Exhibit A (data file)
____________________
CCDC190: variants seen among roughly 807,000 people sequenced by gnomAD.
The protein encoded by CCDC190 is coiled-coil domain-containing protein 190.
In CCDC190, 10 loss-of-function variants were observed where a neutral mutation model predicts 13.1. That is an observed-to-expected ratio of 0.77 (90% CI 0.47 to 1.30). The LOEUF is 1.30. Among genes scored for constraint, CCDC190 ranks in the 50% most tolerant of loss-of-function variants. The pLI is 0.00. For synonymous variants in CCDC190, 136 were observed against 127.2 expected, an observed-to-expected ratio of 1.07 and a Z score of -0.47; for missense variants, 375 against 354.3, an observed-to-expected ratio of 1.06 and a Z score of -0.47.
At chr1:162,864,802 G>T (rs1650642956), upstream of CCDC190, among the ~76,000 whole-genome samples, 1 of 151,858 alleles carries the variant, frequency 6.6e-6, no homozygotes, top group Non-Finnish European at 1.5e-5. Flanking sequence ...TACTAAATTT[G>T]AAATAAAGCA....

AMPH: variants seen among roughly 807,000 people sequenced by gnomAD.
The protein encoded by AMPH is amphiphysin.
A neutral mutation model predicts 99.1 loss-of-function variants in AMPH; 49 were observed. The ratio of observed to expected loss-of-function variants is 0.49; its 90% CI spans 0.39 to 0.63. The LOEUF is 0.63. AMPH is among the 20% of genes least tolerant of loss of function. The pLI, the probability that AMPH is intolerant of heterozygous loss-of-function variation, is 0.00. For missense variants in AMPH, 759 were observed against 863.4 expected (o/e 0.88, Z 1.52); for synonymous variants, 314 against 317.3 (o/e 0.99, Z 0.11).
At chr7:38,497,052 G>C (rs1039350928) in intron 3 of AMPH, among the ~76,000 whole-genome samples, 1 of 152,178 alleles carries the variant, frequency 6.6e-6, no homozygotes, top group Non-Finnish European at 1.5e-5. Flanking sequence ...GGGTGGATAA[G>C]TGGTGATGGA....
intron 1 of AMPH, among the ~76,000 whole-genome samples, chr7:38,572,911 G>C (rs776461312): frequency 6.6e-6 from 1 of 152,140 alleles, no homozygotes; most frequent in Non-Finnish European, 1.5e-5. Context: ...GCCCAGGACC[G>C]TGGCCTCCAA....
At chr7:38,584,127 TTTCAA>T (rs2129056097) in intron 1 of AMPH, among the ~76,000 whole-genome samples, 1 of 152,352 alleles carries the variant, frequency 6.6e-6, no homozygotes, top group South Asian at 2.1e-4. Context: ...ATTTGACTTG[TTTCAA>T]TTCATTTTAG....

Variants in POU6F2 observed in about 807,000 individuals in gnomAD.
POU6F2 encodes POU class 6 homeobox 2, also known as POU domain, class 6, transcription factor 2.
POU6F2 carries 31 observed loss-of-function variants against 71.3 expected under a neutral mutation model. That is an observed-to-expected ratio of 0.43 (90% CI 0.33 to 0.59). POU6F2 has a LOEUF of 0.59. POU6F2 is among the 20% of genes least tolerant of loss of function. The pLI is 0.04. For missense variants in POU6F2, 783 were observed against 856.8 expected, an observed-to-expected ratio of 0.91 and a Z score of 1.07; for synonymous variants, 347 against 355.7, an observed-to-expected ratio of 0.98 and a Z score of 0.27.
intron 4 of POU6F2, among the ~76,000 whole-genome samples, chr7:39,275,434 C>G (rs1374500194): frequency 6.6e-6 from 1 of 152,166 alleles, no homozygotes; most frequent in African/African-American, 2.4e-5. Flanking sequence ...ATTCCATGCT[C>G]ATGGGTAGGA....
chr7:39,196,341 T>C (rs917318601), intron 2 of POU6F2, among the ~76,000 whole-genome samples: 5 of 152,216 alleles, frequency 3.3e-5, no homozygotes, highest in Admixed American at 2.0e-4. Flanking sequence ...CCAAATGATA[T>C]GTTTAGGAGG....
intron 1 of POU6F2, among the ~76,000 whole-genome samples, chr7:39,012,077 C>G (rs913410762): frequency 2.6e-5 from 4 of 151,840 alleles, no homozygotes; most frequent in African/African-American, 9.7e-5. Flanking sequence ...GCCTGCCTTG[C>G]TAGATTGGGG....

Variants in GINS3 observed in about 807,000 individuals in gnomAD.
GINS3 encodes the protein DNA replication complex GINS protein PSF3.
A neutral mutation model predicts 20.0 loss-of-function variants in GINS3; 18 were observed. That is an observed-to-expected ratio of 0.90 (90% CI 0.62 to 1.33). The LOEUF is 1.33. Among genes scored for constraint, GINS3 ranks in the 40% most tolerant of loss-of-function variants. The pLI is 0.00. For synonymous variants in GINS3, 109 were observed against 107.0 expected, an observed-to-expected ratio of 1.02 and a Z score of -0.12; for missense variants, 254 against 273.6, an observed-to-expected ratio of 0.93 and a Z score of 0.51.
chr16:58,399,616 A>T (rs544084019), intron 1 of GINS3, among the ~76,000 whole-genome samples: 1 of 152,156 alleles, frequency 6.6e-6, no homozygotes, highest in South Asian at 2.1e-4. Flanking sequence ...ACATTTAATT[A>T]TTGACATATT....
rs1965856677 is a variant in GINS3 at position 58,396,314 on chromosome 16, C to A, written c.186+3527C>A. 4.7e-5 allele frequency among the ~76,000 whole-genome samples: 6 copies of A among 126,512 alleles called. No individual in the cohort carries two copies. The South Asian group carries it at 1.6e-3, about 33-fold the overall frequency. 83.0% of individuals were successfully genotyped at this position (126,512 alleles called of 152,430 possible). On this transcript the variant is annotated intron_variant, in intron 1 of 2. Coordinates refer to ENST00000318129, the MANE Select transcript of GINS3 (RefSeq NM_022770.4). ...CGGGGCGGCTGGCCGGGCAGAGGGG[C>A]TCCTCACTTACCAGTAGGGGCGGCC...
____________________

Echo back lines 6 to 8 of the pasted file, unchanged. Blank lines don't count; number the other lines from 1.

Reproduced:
The protein encoded by AMPH is amphiphysin.
A neutral mutation model predicts 99.1 loss-of-function variants in AMPH; 49 were observed. The ratio of observed to expected loss-of-function variants is 0.49; its 90% CI spans 0.39 to 0.63. The LOEUF is 0.63. AMPH is among the 20% of genes least tolerant of loss of function. The pLI, the probability that AMPH is intolerant of heterozygous loss-of-function variation, is 0.00. For missense variants in AMPH, 759 were observed against 863.4 expected (o/e 0.88, Z 1.52); for synonymous variants, 314 against 317.3 (o/e 0.99, Z 0.11).
At chr7:38,497,052 G>C (rs1039350928) in intron 3 of AMPH, among the ~76,000 whole-genome samples, 1 of 152,178 alleles carries the variant, frequency 6.6e-6, no homozygotes, top group Non-Finnish European at 1.5e-5. Flanking sequence ...GGGTGGATAA[G>C]TGGTGATGGA....